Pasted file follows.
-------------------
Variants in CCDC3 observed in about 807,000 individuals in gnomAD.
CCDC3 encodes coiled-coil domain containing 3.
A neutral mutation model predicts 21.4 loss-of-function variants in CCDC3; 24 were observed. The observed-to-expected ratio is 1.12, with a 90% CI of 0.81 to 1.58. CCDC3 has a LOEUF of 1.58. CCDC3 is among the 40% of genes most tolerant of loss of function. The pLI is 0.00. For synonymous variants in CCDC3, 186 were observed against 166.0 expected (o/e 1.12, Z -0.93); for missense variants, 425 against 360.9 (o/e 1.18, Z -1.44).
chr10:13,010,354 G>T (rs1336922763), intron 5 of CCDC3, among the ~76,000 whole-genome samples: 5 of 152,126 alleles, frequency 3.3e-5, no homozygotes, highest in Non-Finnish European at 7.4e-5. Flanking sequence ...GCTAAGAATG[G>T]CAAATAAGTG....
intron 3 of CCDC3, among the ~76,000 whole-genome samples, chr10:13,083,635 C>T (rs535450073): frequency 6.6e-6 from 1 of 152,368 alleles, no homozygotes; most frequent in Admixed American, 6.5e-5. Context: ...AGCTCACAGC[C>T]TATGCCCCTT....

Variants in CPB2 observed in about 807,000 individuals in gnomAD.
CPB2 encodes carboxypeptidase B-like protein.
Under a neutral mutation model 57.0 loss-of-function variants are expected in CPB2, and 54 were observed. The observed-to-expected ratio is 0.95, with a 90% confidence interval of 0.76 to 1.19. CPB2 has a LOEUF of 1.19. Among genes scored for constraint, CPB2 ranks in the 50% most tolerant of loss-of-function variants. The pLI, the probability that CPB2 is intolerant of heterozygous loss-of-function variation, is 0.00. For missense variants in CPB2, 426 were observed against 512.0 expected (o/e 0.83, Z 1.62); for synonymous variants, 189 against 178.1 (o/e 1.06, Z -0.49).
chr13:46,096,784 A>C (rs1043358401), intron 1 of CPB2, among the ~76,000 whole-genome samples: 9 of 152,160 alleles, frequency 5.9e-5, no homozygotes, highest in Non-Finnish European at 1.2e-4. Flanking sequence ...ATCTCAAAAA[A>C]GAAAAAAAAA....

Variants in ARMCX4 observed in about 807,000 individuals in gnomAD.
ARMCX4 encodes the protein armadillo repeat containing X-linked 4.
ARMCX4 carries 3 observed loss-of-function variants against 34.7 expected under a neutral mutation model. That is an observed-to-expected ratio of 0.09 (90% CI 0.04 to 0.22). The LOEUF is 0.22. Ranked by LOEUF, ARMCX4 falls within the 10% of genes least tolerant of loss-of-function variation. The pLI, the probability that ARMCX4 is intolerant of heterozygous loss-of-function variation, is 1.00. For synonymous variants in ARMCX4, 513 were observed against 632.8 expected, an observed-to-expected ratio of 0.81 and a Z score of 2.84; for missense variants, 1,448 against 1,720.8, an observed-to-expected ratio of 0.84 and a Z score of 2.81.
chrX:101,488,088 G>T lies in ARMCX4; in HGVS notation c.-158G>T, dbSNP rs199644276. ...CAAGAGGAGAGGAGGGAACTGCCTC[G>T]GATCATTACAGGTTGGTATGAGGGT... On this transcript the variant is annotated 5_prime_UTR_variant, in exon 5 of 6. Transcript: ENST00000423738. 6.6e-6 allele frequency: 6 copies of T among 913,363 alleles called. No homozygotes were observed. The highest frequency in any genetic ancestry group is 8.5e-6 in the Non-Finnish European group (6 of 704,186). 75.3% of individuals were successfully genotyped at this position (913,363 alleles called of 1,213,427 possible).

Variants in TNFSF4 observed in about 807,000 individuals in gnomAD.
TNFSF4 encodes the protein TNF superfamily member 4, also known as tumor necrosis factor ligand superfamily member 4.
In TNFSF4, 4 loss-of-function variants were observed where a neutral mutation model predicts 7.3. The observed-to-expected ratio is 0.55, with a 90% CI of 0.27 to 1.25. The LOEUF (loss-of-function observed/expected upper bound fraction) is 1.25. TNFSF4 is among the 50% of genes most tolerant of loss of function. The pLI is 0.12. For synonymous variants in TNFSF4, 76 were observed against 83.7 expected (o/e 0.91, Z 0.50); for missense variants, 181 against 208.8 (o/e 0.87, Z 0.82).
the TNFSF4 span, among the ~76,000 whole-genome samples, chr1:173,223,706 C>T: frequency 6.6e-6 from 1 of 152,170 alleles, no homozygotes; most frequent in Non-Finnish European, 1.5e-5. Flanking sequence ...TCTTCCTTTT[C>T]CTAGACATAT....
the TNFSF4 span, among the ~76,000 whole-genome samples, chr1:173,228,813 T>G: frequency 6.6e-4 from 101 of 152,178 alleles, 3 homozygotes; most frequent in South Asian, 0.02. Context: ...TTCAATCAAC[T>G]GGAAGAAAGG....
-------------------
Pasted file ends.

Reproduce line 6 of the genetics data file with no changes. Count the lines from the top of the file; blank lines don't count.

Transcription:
Variants in CPB2 observed in about 807,000 individuals in gnomAD.